For a while I’ve been enjoying being a member of Story Club by George Saunders. I’ve enjoyed his writing a lot and find that the kind of interaction that Story Club enables deepens my appreciation of his work. In addition to the insights George shares there, the comments shared by other members also add a lot of value.
One of the regular weekly things George does is to answer a few member questions. His most recent Office Hours post was good fun where he talked about having a recording session to capture a snippet of music to include on an audiobook version of one of his books. He wrote:
What I found electrifying about this experience was the way it shot me back to the early days of my writing life.— George Saunders
That triggered me to think about the similar feelings I get when I’m doing some of my photography work – in particular, when I’m re-editing an old photo perhaps years after I originally made it. There’s something about the re-editing process that takes me back to the time I made the image – including how I felt that day, what the location was like, anything usual about the lighting or the smells of the place, perhaps any music around – that kind of stuff. There’s also often an element of serendipity at work drawing me back to a particular image and even thinking about editing it.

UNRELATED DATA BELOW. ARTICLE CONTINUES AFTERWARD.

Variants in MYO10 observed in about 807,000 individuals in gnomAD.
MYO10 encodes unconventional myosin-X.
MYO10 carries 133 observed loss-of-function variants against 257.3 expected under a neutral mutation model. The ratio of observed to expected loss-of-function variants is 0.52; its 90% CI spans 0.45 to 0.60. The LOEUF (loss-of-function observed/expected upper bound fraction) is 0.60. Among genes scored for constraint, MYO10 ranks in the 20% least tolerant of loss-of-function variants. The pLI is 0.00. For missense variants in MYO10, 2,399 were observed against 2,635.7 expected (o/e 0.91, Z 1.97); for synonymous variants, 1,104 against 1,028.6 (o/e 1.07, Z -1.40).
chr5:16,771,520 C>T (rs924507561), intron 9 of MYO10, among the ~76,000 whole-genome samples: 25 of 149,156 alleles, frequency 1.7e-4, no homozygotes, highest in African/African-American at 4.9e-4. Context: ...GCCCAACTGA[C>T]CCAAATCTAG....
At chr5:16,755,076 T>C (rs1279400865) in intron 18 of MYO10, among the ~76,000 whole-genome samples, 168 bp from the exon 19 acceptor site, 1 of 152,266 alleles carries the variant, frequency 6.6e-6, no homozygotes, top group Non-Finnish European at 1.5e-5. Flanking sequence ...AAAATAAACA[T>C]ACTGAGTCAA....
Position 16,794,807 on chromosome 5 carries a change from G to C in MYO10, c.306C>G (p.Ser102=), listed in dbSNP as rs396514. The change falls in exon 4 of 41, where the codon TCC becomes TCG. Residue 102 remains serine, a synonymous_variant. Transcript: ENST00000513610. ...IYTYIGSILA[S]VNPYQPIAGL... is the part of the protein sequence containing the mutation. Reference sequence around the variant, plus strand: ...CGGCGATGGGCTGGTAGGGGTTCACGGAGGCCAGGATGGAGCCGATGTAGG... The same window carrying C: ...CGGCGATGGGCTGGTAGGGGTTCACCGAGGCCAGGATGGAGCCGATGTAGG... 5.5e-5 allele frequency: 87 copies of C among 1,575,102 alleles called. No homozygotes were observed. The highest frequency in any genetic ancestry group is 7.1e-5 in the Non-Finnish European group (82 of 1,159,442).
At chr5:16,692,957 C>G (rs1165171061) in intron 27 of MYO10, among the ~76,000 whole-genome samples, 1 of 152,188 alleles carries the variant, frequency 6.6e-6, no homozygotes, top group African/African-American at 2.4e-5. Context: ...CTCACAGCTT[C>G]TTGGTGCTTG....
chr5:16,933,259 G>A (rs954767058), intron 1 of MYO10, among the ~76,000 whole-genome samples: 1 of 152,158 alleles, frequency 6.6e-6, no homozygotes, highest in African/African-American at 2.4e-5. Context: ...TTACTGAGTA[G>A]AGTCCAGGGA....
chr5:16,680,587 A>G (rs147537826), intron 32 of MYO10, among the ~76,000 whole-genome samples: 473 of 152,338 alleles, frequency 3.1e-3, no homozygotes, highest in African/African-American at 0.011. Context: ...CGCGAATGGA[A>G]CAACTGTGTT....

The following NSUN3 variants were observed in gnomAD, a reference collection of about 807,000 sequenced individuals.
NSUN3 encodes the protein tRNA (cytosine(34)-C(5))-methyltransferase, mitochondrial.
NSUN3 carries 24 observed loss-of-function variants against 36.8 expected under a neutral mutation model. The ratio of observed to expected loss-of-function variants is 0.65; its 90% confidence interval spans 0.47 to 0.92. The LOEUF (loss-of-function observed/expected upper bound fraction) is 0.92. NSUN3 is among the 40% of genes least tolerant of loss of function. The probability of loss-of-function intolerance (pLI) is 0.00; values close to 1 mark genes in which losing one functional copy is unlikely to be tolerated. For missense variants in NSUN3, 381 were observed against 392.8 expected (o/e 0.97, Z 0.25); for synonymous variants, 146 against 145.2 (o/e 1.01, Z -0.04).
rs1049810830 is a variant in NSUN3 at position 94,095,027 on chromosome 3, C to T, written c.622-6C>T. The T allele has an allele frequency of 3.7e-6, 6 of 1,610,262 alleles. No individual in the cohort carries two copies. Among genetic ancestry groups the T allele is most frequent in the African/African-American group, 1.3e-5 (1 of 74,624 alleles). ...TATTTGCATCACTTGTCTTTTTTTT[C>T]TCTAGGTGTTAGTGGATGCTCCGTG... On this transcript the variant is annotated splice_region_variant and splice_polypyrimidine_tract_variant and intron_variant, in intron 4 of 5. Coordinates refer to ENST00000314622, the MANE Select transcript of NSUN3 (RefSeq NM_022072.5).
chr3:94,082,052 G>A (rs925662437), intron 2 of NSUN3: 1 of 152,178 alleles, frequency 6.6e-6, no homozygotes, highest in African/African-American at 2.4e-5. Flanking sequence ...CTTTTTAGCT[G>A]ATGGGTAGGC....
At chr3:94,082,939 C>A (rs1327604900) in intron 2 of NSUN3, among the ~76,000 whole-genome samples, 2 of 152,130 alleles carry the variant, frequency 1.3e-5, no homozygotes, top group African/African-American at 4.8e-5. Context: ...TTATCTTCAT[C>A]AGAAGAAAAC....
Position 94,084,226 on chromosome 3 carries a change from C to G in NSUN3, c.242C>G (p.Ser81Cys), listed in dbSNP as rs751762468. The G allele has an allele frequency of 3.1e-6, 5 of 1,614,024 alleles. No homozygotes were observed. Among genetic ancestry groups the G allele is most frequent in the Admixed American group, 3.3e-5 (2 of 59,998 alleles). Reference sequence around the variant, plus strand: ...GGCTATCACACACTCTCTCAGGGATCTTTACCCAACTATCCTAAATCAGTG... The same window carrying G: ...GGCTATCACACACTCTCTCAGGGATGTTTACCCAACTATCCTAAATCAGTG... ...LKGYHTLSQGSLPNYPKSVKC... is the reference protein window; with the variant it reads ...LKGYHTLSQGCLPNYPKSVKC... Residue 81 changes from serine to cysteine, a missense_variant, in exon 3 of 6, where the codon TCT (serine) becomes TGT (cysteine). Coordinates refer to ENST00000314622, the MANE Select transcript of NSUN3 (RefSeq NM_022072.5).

I find one of the most enjoyable things about photography is a certain left brain/right brain aspect it brings me. For me, the process of making an image often begins in the creative side of my brain – being drawn to the light, color or shadows of a scene – but my mindset than quickly shifts to being an analytical one as I consider the specifics of things like settings, composition, etc. required to capture the image. And maybe I become captured myself by the scene and my creative side pops back in and out.
What’s wonderful later about the editing process is re-awakening that initial creative vibe that brought me into image making in the first place. And, while that original image is static – frozen in time when I snapped the photo, the editing process can be very dynamic and non-destructive. I can play with adjustments, try different things, perhaps make some severe manipulation or just a light tweaking.
As Saunders wrote in his post: I’m really “just throwing some paint around…” and it’s such fun!